Landmine detection Benkovac
28
Sep
2016

Projects SEMIS & PERUN return to Benkovac

For the second time this year multiple Find A Better Way funded research teams gathered in Benkovac, Croatia, to test their latest developments in landmine detection technology.

In May 2016 three teams performed side-by-side testing of their research for the first time at the state-of-the-art landmine detection testing ground in Benkovac. Last week two of the teams, Project SEMIS from The University of Manchester and and Project PERUN from the University of Zagreb returned for another round.

One of project SEMIS’s advances since their last visit was very visible, as they ran their tests with only one detection instrument instead of two. The project’s aim has always been to combine advanced metal detection with ground penetrating radar (GPR), but previous testing had always required the two types of sensor to be housed in different devices. For the first time the team has now brought the two detection methods together in a single device.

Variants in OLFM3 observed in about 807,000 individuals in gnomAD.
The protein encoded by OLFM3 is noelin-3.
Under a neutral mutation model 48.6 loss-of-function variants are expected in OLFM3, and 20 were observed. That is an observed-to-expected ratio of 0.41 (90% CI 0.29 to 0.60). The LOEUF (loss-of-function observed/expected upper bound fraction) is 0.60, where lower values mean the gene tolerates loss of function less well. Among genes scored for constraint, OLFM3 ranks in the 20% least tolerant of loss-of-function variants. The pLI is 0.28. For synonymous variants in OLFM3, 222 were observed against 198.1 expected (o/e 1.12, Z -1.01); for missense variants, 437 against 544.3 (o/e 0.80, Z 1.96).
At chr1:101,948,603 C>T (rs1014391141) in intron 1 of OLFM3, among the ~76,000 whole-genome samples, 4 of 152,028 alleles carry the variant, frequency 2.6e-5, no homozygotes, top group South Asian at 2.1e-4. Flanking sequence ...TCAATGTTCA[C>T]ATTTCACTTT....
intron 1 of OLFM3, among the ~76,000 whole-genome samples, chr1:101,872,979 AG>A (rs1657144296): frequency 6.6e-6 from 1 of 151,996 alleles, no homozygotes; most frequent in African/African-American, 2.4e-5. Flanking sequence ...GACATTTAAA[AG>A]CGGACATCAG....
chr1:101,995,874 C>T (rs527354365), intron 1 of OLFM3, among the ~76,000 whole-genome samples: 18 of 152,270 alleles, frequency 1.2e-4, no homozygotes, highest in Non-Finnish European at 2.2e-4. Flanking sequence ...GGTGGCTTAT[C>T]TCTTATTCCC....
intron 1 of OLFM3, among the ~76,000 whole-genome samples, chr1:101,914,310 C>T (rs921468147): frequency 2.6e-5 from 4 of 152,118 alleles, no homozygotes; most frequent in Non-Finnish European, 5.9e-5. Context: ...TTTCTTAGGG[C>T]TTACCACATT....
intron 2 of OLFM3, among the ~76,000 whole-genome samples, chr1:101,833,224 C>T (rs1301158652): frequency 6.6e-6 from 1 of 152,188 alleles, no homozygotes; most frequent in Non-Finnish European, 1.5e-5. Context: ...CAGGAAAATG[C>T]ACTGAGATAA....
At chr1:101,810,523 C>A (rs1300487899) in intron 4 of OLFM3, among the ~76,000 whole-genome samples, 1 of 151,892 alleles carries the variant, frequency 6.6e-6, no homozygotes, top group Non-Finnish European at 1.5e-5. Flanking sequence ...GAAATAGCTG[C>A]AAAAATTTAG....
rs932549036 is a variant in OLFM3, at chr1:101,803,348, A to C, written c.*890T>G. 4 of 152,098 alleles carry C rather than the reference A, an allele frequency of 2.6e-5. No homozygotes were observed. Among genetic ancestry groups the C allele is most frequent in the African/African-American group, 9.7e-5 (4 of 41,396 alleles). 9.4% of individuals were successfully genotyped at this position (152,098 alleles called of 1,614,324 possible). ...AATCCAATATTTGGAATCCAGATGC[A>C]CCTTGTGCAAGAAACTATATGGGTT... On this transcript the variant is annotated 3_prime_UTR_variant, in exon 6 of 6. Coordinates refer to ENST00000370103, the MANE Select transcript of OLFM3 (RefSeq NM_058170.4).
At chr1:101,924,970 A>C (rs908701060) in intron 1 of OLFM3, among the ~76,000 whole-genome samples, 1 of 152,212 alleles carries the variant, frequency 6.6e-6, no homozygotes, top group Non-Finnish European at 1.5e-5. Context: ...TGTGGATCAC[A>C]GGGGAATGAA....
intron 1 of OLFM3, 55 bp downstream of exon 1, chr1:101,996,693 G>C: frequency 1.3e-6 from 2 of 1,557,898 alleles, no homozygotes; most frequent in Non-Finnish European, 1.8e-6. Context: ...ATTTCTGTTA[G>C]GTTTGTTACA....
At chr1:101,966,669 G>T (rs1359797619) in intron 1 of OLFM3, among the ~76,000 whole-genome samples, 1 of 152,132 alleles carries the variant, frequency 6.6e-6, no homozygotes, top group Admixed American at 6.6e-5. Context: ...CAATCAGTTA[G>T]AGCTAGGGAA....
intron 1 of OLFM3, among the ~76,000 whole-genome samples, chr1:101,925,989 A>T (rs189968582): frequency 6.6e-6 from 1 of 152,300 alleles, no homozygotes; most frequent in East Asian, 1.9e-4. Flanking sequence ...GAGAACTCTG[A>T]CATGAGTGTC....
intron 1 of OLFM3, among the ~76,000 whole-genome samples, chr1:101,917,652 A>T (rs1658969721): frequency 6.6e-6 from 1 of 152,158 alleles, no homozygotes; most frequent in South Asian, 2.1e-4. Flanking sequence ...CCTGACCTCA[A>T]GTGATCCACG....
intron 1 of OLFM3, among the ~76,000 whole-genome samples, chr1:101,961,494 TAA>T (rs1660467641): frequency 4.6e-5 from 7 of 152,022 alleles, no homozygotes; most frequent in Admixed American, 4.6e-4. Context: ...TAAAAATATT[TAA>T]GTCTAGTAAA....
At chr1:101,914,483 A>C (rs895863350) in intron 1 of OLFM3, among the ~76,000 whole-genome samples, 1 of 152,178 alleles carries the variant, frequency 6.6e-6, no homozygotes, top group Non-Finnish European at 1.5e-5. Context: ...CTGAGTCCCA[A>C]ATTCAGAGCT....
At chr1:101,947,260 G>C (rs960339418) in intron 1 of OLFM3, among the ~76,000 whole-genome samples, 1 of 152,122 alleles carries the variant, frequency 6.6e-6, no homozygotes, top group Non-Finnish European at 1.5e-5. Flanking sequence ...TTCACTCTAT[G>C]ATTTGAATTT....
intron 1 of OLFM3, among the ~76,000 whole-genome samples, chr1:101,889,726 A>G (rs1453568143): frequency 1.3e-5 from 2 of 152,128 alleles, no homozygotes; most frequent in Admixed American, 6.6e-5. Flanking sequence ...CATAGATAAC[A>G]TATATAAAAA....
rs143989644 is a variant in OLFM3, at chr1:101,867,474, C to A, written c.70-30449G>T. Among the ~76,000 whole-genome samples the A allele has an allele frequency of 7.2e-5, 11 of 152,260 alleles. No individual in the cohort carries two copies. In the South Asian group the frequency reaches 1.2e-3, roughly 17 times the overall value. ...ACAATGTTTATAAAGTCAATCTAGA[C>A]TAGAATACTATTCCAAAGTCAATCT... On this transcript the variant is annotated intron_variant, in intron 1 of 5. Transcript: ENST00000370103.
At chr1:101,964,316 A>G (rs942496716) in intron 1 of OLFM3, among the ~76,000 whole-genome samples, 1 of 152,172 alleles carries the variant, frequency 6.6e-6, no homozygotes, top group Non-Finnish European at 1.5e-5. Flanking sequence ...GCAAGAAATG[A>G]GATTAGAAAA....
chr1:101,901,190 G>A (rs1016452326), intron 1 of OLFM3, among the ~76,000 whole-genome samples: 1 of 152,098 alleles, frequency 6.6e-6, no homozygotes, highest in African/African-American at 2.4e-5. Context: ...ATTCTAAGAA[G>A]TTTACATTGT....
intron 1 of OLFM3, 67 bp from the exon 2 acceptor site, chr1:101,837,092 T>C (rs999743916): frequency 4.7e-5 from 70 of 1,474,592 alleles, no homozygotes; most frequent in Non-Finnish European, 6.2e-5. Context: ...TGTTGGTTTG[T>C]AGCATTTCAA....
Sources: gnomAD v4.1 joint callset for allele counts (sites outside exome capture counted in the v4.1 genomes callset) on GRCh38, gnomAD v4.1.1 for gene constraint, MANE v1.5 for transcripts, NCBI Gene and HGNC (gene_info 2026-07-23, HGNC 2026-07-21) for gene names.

Integrating the two technologies has been a longstanding challenge. Standalone GPR devices are typically constructed with metal components, but using these alongside a metal detector would cause interference. Project SEMIS have redesigned a GPR sensor that uses such tiny amounts metal the sensors can now work side-by-side.

‘This was our first integrated metal detector and radar,’ explained Project SEMIS lead Professor Anthony Peyton. ‘It went well and we got lots of data to analyze. The metal detector and radar still need more sensitivity to find small or deeply buried objects, but we’re confident we can fix that.’

The teams also used the new combined device to measure soil properties, which was particularly important for the Project PERUN team from Zagreb. Project PERUN is developing methods to overcome the notoriously difficult problem of ‘non-cooperative soil’ – especially mineral-rich soil that current civilian metal detectors struggle to cope with.

Project PERUN lead Professor Vedran Bilas explained, ‘The main purpose of the experiment was to verify the analytical soil model in a real-world scenario. At Benkovac we could work with much larger volumes of soil compared to the samples used in laboratory. The results from the field test will also be used for the testing of a new model-based soil compensation algorithm.’